Maybe withdrawing from slopeside at the 2014 Winter Olympics wasn’t such a good idea for snowboarder Shaun White. On Tuesday he didn’t make it to the top of the podium. Actually, he didn’t make it there at all. In the sport where White was considered the best of his generation, he finished fourth in the men’s halfpipe at the Olympics on Tuesday night at Rosa Khutor Extreme Park in Sochi, Russia, the Los Angeles Times reported.

"I was looking for four [golds] — I was hoping to do slopestyle, too," White said, according to the LA Times. He pulled out of slopestyle so he could focus on halfpipe. "But it didn't pan out. Tonight was just not my time."

As White spoke to reporters after his substandard run, he talked about how he had perfected his jumps in practice. "I am disappointed. I hate the fact that I nailed it in practice, but it happens," he said.  "It's hard to be consistent."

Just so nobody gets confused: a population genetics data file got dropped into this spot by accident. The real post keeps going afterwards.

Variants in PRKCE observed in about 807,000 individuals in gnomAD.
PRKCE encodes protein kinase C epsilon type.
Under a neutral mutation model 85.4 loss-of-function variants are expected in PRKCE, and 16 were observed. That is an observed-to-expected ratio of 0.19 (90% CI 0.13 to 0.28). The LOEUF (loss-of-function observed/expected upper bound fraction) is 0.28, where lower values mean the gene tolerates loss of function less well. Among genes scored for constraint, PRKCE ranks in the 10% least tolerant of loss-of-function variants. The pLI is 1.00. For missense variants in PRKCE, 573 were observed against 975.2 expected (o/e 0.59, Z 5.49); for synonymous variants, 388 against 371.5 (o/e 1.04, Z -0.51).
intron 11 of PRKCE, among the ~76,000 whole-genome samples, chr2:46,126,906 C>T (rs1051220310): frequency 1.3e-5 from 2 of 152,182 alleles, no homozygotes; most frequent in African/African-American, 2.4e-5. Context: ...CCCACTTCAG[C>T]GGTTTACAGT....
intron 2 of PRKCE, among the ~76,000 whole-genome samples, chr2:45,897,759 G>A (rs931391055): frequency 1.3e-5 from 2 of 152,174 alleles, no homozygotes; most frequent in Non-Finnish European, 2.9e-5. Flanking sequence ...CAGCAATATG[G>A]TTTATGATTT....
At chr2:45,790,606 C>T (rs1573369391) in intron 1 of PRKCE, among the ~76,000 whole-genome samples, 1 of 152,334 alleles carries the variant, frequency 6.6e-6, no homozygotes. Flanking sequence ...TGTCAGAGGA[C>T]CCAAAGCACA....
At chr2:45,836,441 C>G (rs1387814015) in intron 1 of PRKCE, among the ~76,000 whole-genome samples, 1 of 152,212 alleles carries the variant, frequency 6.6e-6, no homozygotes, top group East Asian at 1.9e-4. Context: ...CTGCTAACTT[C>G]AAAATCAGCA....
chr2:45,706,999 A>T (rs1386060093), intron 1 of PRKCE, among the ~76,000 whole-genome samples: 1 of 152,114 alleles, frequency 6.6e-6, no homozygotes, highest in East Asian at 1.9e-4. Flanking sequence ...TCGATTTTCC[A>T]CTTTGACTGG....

White had aimed to become the the first U.S. male to win the same event at three straight Olympics, but instead it was Iouri Podladtchikov of Switzerland, known as I-Pod, who took the gold. I-Pod won with a score of 94.75. Tuesday night also proved to be a good night for Japan. Fifteen-year old Ayumu Hirano finished second after earning a 93.50 and Taku Hiraoka won the bronze with a score of 92.25.

Though White didn’t medal, he did better than teammates Danny Davis and Greg Bretz, who tumbled on their runs and finished in 10th and 12th. Since the event debuted in the 1998 Winter Olympics, the United States had dominated. It should be noted, however, that both White and Davis were critical of the halfpipe conditions during training.

The two-time gold-medalist had said he had a “frustrating” practice and another gold medalist, Hannah Teter, refered to it as a “junk show.” "Everyone is not happy right now," Teter said, according to the LA Times, before Tuesday night’s run. "I saw everyone take a hard fall today. That never happens.”

Follow me on Twitter @mariamzzarella